Friday, October 1, 2010

SPORTS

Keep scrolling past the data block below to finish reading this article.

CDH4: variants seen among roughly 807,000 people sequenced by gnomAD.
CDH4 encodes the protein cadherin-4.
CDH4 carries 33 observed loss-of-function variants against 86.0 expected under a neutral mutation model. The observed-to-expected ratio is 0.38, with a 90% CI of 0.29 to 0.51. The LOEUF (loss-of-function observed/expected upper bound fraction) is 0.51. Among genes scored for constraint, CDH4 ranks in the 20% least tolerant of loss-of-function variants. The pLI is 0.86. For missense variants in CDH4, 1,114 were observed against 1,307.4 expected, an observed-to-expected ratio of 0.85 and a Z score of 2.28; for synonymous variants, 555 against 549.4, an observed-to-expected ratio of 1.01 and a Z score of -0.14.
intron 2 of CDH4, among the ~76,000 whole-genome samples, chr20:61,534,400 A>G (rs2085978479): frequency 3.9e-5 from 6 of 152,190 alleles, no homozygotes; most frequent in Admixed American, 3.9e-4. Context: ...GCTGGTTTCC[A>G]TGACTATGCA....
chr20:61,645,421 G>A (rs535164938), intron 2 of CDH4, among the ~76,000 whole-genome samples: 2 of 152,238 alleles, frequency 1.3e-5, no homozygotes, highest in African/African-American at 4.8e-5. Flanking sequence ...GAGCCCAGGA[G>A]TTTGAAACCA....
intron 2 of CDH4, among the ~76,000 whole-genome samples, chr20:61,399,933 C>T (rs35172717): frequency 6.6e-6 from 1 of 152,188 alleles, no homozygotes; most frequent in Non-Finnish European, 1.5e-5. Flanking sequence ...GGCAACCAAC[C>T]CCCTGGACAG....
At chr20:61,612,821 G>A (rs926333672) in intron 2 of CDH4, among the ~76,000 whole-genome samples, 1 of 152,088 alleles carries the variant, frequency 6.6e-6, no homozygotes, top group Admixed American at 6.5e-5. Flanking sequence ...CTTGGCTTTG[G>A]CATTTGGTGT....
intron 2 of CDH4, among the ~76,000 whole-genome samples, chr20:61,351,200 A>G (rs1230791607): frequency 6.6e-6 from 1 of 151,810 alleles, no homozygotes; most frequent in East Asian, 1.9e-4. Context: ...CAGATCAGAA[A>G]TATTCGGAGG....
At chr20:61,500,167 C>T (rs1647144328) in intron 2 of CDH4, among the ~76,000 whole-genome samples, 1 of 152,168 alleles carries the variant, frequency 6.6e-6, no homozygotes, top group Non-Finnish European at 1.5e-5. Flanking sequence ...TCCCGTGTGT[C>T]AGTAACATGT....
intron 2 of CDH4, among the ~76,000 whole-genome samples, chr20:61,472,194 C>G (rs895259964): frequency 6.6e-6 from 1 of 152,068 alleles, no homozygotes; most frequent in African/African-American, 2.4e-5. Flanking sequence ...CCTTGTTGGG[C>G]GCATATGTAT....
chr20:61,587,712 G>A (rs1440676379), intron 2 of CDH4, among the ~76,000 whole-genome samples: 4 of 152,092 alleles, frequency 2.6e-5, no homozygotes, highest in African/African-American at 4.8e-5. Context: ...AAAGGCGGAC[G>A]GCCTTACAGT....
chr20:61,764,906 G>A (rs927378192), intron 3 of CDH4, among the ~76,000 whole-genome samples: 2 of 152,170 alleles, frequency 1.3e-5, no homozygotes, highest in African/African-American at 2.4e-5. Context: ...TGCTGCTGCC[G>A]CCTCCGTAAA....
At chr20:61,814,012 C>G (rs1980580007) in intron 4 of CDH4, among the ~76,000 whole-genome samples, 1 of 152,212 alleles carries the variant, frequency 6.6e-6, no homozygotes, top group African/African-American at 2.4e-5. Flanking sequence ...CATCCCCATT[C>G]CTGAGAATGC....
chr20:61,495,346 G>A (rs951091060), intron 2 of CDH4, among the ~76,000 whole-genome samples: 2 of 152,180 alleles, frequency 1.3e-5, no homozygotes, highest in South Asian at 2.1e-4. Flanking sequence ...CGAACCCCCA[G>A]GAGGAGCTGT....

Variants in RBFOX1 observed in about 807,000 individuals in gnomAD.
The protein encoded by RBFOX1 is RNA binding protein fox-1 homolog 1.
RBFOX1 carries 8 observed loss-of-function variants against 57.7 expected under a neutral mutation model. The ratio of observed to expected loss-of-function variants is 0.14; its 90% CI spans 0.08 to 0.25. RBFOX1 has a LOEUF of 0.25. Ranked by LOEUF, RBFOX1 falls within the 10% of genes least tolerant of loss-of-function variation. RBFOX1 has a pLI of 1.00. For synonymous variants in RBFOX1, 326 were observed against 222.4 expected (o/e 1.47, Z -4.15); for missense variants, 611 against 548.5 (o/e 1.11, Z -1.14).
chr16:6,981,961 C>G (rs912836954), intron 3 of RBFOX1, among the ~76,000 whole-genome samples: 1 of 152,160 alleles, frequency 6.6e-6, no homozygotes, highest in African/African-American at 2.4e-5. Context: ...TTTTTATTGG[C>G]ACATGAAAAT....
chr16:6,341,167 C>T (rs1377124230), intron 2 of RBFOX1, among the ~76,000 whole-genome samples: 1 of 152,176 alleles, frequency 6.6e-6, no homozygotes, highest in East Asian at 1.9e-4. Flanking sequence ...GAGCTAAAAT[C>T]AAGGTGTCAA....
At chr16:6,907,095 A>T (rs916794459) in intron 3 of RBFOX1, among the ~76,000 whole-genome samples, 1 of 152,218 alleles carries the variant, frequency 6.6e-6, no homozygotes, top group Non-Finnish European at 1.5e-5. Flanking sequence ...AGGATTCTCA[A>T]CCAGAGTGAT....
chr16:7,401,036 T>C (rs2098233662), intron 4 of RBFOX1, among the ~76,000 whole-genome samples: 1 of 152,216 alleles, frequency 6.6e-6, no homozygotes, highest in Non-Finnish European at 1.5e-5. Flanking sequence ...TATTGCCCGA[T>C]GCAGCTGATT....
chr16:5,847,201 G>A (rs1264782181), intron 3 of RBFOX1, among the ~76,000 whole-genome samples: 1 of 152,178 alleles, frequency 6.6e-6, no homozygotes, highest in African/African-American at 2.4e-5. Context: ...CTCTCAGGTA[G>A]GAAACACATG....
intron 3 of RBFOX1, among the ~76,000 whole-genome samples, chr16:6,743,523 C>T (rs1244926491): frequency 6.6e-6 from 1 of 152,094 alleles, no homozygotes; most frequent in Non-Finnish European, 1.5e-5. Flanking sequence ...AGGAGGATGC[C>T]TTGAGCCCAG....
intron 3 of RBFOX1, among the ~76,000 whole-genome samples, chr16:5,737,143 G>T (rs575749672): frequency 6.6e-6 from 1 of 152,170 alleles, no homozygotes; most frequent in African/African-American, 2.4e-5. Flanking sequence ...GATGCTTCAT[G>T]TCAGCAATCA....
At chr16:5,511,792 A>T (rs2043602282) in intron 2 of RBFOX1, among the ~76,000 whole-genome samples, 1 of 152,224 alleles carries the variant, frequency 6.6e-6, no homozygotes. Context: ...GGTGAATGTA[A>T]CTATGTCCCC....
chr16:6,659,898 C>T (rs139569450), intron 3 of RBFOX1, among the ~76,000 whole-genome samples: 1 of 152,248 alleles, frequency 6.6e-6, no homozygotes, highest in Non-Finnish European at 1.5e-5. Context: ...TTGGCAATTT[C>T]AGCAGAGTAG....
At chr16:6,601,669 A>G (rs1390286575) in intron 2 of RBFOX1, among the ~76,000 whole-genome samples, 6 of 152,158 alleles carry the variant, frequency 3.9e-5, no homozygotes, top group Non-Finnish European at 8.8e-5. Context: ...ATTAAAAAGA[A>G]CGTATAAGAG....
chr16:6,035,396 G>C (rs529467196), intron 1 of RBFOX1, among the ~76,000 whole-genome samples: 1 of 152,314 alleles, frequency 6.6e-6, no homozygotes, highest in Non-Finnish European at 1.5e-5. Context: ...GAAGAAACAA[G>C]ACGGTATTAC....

Tigers want more offense against Vols With an offense still looking for an identity, the Bayou Bengals have Matt Dixon relied heavily on their defense, led by junior cornerback Patrick Sports Editor Peterson. Peterson is considered to be one of the top defensive players in colThe 12th-ranked LSU (4-0, 2-0 SEC) Tigers will enter Saturday lege football and displays his talents in the return game as well. He afternoon's match-up with Tennessee (2-2, 0-1 SEC) as a decisive has already returned two punts for touchdowns this year. favorite. LSU fans have been hoping that Miles will insert Peterson into the The Tigers sport an unblemished record and will be playing at sputtering offense, much like Vols fans wanted safety Eric Berry to home in Tiger Stadium, one of the most intimidating stadiums in col- get the ball in his hands during his UT career. lege football. But for now, the self-proclaimed Heisman Trophy candidate will LSU coach Les Miles is excited to anchor a Tigers’ defensive unit that leads the play the Volunteers for the first time SEC in total defense, giving up only 254 yards since the 2007 SEC Championship per game, and ranks second in the conference Game, where LSU avoided a UT upset in scoring defense, allowing just 12 points per bid, winning 21-14. Miles is cautious not contest. to overlook the Vols, given his history The man in charge of that defense is longwith UT’s first-year head coach. time Tennessee defensive coordinator John “We are looking forward to the next Chavis. Holding the same title at LSU, Chavis test, Tennessee,” Miles said Monday at spent 14 seasons heading up Vols’ defenses his weekly press conference. “They are and is in his second year with the Tigers. 2-2 overall and obviously Derek Dooley, LSU senior linebacker Kelvin Sheppard has certainly we are very familiar with him. the highest praise for Chavis and credits He was on our staff (under Nick Saban “Chief” for the development in his game. from 2000-04) and was the head coach “Coach Chavis is probably the best coach I at Louisiana Tech (when it played at have ever been around,” Sheppard said. “You LSU in 2007 and 2009). can see it in my game. My progression from “His guys were always well prepared, my sophomore year to my junior year has and his guys will be ready to play.” been crazy. Now my progress is going even The Tigers’ offense has struggled farther into my senior year.” through its first four games this season, Chavis was not retained by Lane Kiffin especially in the passing game. Junior when he was hired in December of 2008, but quarterback Jordan Jefferson has been he quickly found a home in Baton Rouge, La. under scrutiny as the Tigers rank 115th Chavis played for the Vols from 1976-78 and • Photo courtesy of LSU Sports Information will get his first chance to coach against his of 120 FBS teams in passing offense. “We have to be better at quarterback,” Stevan Ridley, running back for LSU, alma mater on Saturday. Miles said. “Some of the things that has rushed for 434 yards this season, “He was at Tennessee for 20-plus years, Jordan Jefferson did (against West along with three touchdowns. and they had great linebackers,” Sheppard Virginia last Saturday) were exactly said. “Now he’s brought those talents over what we needed, yet we can improve his here, and he is helping our team." play as we can improve the play of a number of guys on that offensive Miles is hoping the Tigers are prepared for Saturday and don’t side.” overlook the Vols, because he knows teams can’t afford to not be Despite the struggles through the air, Miles is pleased with the pro- ready to play in the SEC. duction he is getting in the running game. Junior Stevan Ridley has “Tennessee is a very physical team with good speed,” Miles said. emerged as a bright spot for the Tigers after gaining just 272 yards “We understand our work is going to be cut out for us. It is going to during his first two years at LSU. Ridley is averaging 108.5 yards a be a great test for us. Our football team must focus on that opponent game this year, good for third best in the SEC, and has scored three and get ready to play.” touchdowns. Kick-off is scheduled for 3:30 p.m.